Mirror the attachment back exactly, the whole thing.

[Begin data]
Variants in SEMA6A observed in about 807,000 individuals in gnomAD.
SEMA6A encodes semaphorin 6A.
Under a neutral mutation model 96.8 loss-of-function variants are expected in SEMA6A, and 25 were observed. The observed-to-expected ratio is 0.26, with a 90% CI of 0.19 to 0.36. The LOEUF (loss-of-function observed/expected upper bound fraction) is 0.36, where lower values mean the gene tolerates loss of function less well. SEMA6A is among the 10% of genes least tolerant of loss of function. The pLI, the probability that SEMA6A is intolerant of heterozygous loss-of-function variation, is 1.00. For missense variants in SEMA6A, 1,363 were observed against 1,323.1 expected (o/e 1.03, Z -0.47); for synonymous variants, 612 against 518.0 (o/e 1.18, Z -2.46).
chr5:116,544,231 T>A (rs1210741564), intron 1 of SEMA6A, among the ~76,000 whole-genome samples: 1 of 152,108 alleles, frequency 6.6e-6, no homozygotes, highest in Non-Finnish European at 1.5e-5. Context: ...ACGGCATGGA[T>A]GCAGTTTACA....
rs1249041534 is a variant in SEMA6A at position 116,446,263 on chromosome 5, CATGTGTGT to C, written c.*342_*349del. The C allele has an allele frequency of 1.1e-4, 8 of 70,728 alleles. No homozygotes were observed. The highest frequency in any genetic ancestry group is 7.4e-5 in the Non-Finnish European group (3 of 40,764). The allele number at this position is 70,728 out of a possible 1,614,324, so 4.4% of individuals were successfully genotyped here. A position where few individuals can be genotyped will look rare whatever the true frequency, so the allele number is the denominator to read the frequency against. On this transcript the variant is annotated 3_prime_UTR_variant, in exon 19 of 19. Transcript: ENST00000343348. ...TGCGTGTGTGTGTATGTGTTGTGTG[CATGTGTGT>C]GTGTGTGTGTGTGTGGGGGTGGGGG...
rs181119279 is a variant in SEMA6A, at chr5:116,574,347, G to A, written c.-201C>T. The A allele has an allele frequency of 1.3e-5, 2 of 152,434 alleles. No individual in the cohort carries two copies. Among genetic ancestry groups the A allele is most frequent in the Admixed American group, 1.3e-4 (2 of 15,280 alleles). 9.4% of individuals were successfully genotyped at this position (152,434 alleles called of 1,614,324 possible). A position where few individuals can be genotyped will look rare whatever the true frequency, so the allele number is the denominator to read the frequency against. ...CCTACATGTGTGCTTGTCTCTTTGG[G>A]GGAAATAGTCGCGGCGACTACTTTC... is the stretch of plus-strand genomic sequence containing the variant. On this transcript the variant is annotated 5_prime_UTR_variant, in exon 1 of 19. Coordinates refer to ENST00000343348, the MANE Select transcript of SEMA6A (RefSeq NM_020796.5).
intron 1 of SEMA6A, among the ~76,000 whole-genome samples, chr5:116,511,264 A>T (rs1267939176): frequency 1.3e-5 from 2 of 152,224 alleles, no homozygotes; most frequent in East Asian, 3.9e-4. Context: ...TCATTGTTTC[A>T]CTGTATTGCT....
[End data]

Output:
Variants in SEMA6A observed in about 807,000 individuals in gnomAD.
SEMA6A encodes semaphorin 6A.
Under a neutral mutation model 96.8 loss-of-function variants are expected in SEMA6A, and 25 were observed. The observed-to-expected ratio is 0.26, with a 90% CI of 0.19 to 0.36. The LOEUF (loss-of-function observed/expected upper bound fraction) is 0.36, where lower values mean the gene tolerates loss of function less well. SEMA6A is among the 10% of genes least tolerant of loss of function. The pLI, the probability that SEMA6A is intolerant of heterozygous loss-of-function variation, is 1.00. For missense variants in SEMA6A, 1,363 were observed against 1,323.1 expected (o/e 1.03, Z -0.47); for synonymous variants, 612 against 518.0 (o/e 1.18, Z -2.46).
chr5:116,544,231 T>A (rs1210741564), intron 1 of SEMA6A, among the ~76,000 whole-genome samples: 1 of 152,108 alleles, frequency 6.6e-6, no homozygotes, highest in Non-Finnish European at 1.5e-5. Context: ...ACGGCATGGA[T>A]GCAGTTTACA....
rs1249041534 is a variant in SEMA6A at position 116,446,263 on chromosome 5, CATGTGTGT to C, written c.*342_*349del. The C allele has an allele frequency of 1.1e-4, 8 of 70,728 alleles. No homozygotes were observed. The highest frequency in any genetic ancestry group is 7.4e-5 in the Non-Finnish European group (3 of 40,764). The allele number at this position is 70,728 out of a possible 1,614,324, so 4.4% of individuals were successfully genotyped here. A position where few individuals can be genotyped will look rare whatever the true frequency, so the allele number is the denominator to read the frequency against. On this transcript the variant is annotated 3_prime_UTR_variant, in exon 19 of 19. Transcript: ENST00000343348. ...TGCGTGTGTGTGTATGTGTTGTGTG[CATGTGTGT>C]GTGTGTGTGTGTGTGGGGGTGGGGG...
rs181119279 is a variant in SEMA6A, at chr5:116,574,347, G to A, written c.-201C>T. The A allele has an allele frequency of 1.3e-5, 2 of 152,434 alleles. No individual in the cohort carries two copies. Among genetic ancestry groups the A allele is most frequent in the Admixed American group, 1.3e-4 (2 of 15,280 alleles). 9.4% of individuals were successfully genotyped at this position (152,434 alleles called of 1,614,324 possible). A position where few individuals can be genotyped will look rare whatever the true frequency, so the allele number is the denominator to read the frequency against. ...CCTACATGTGTGCTTGTCTCTTTGG[G>A]GGAAATAGTCGCGGCGACTACTTTC... is the stretch of plus-strand genomic sequence containing the variant. On this transcript the variant is annotated 5_prime_UTR_variant, in exon 1 of 19. Coordinates refer to ENST00000343348, the MANE Select transcript of SEMA6A (RefSeq NM_020796.5).
intron 1 of SEMA6A, among the ~76,000 whole-genome samples, chr5:116,511,264 A>T (rs1267939176): frequency 1.3e-5 from 2 of 152,224 alleles, no homozygotes; most frequent in East Asian, 3.9e-4. Context: ...TCATTGTTTC[A>T]CTGTATTGCT....